Rising Temperatures, Rising Injuries: The Impact of Climate Change on Workplace Safety
As the effects of climate change continue to become more evident, it’s essential to acknowledge its impact on our workforce. From emergency responders, health care workers, and farmers to transportation workers, these individuals may be exposed to harsh climate conditions that can aggravate their health and safety issues. The amplified health and safety risks that come with these conditions can be detrimental, especially for workers who lack adequate housing or suffer from social and economic constraints. In the end, climate variations can cause physical harm, emotional stress, and financial burden. As we move forward, we must continue to address the effects of climate change on our workforce to ensure their fair treatment and protection.
Extreme Temperatures and Heat Stress:
One of the most well-known impacts of climate change is the increase in extreme temperatures, which can be deadly, particularly for workers who spend long hours outside. Heat stress is a real danger for outdoor workers, especially in industries like construction or agriculture, where physical labor is required. High temperatures can lead to dehydration, heat exhaustion, and heat stroke. This can be especially dangerous for workers not accustomed to these extreme temperatures or needing access to adequate shade or water. Employers should implement strategies to protect workers from heat stress, such as scheduling outdoor work during cooler times of the day, providing ample shade and water breaks, and training workers to recognize the symptoms of heat stress and seek medical help.
The toll of heat stress on U.S. laborers is alarming. Between 1992 and 2017, more than 70,000 workers suffered from severe heat stress injuries, and 815 of them lost their lives. The Occupational Safety and Health Administration (OSHA) reports that temperatures in outdoor work environments can reach dangerous levels, especially during the summer months. A recent study from the Union of Concerned Scientists projects that if greenhouse gas emissions are not reduced, the number of unsafe workdays due to heat stress will increase dramatically by 2050. This will significantly impact outdoor workers and could result in a staggering $55.4 billion annual loss in earnings.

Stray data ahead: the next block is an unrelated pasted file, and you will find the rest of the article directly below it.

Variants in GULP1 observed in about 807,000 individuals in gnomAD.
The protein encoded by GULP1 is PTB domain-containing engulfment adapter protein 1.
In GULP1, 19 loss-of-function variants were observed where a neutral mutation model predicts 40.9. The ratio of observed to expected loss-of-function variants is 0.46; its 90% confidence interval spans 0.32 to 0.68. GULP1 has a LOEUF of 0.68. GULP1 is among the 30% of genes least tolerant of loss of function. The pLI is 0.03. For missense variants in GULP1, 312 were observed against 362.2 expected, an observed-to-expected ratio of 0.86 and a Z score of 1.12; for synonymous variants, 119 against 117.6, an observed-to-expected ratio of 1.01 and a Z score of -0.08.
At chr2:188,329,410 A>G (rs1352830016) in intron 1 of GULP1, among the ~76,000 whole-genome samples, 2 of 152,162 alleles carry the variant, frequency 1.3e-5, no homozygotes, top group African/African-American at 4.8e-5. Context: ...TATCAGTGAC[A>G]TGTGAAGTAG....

Natural disasters can be catastrophic in many ways, and their impacts on people’s lives can be devastating. While we often hear about the destruction of homes, infrastructure, and natural resources, it’s also important to acknowledge the countless workers affected by these events. From farmers and fishermen to construction workers and emergency responders, the list of professions impacted by natural disasters is long and varied. Employers should have emergency preparedness plans in place to protect workers in the event of a natural disaster, such as clear evacuation plans or strategies for supporting remote workers. Workers should also be trained to protect themselves during a disaster, such as by avoiding standing water or moving to higher ground.
Changes in Air Quality:
As temperatures rise, so does the risk of wildfires, meaning that workers are at risk of being exposed to smoke and other pollutants in many areas. This can be especially dangerous for workers with pre-existing respiratory issues, such as asthma. In addition, higher temperatures can exacerbate existing air pollution problems, such as smog or air pollution from industrial sources. Air pollution is associated with various health issues, from heart disease to respiratory problems and allergies. Employers should take steps to protect workers from exposure to pollutants, such as providing N95 masks or other protective equipment, monitoring air quality, and scheduling work during times of day when air quality is best.
The impacts of climate change on workplace safety are real and significant. Workers across many industries face new risks and challenges as temperatures rise and natural disasters become more frequent. Employers and workers must work together to mitigate these risks by implementing strategies to protect against extreme temperatures, natural disasters, and poor air quality. By working together, we can ensure that workers remain safe and healthy, even as the effects of climate change continue to be felt in our workplaces.